Tuesday, December 11, 2018

A Visit to W.L. Gore

Yesterday, the 10th of December, Hanna Oh and I visited the Gore-Tex factory in Elkton, MD. We’d like to show you photos of our incredible tour, but photography was prohibited.

Gore-Tex is a product that was discovered by W.L. Gore while an employee of DuPont. DuPont wasn’t interested in the application and gave Mr. Gore the rights to pursue what would become a multi-million dollar business.

You’re probably aware of Cross-Tech, the membrane barrier in your turnout gear. And, the Gore product that’s in the liners of your gloves and boots.

Then, there’s sporting apparel, for skiing, hunting or whatever.

Gore has been a sponsor of the Challenge for neigh on 20 years. And, all indications are for another 20.

We visited their environmental chamber- a one-of-a-kind, where not only the temperature can be controlled, but relative humidity and thermal loads, via radiant heat and wind velocity. An animated mannequin can be used to test a whole variety of human movements while wearing any number of garments.

Other laboratories were testing abrasion or resistance to delamination or integrity for bursting under pressure.

So, a big shout-out and expression of appreciation to a company that is uniquely American with a huge contribution in industry, sport and more recently medical applications such as stents and grafts.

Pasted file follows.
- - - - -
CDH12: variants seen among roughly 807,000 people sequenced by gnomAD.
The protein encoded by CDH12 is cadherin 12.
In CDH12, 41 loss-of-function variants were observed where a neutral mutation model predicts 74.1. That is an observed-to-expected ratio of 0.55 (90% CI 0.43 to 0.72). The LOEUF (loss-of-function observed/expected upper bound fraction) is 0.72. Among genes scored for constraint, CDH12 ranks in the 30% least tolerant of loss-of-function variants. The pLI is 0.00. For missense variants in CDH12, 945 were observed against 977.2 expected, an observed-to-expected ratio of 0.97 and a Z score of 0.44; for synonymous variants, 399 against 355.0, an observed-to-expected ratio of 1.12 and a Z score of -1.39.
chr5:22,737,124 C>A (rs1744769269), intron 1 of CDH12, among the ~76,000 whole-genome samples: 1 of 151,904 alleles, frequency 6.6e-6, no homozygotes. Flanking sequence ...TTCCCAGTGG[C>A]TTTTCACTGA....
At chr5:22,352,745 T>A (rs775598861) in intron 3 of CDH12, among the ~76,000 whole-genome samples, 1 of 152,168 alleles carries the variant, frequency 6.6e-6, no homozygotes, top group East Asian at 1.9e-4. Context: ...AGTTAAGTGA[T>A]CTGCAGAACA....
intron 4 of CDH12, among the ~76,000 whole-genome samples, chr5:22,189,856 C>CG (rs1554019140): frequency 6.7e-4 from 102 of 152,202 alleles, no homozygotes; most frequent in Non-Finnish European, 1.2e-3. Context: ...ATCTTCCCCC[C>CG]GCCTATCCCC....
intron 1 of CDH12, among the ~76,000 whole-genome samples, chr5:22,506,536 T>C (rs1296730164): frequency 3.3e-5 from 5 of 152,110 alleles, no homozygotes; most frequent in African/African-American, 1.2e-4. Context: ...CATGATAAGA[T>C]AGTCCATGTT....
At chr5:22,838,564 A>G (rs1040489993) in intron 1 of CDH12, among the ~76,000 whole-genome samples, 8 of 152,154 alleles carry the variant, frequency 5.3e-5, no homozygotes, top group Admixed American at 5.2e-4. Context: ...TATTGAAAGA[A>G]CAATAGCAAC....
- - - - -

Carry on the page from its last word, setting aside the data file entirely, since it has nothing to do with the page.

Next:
Thursday, December 6, 2018

Challenge Advisory Board

The CAB met on the course, Saturday morning, October 27. The intention was to meet in the white tent, at the finish line side, but the group never migrated there and other members joined the discussion on the course.

John Granby kept the minutes and I'm going to address a number of the topics. We're listening and my comments will be included in the rules and procedures, as published on the official website, effective for the next season.

The first topic that I'm going to address is the concerns about the PPE as worn by some of the teams from outside of North America. We agree. In some countries, interior fire suppression is not a part of the Op Plan.

First, all gear must include liners. Period. Second, boots must, at a minimum have a protective shank and toe cap. If they do not, then loaners are available. As per NFPA 1971, a vapor barrier is an integral part of the protection. So, we see no hardship in being required to check out a pair of boots.

As far as gloves are concerned, liners must be present. Again, we'll have an ample supply for those who do not present with regulation structural fire suppression gloves.

Monday, December 3, 2018

Season Count Down

Road Crew at Work at Keiser Sports Health in Fresno
As I write this, we’re assembling the massive end of year mailing. Thousands of certificates, sorted and collated by country, with the precise postage affixed.

This is a daunting task, but it will get done this week.

Another topic that we’ll be addressing will be the recommendations of the Challenge Advisory Board (CAB) meeting that took place on 10th Street in Sacramento on Saturday morning.

There’s a number of innovations suggested and I’ll be writing about them, in singular Blogger postings, starting with my next one, later this week.

I’m also working on an exhaustive discussion of the physics of the shot mallet, adding what I hope is new insights and dispelling some myths- like the fact that the shot is not lead; that was outlawed by California decades ago.

For you loyal readers of this space, I thank you for your dedication to our sport.

In the meantime, Todd, Gunny Daly and Joey Campbell are in Freno, deep into the off-season M&R (Maintenance and Repair) that is so necessary to keep this fleet on the road.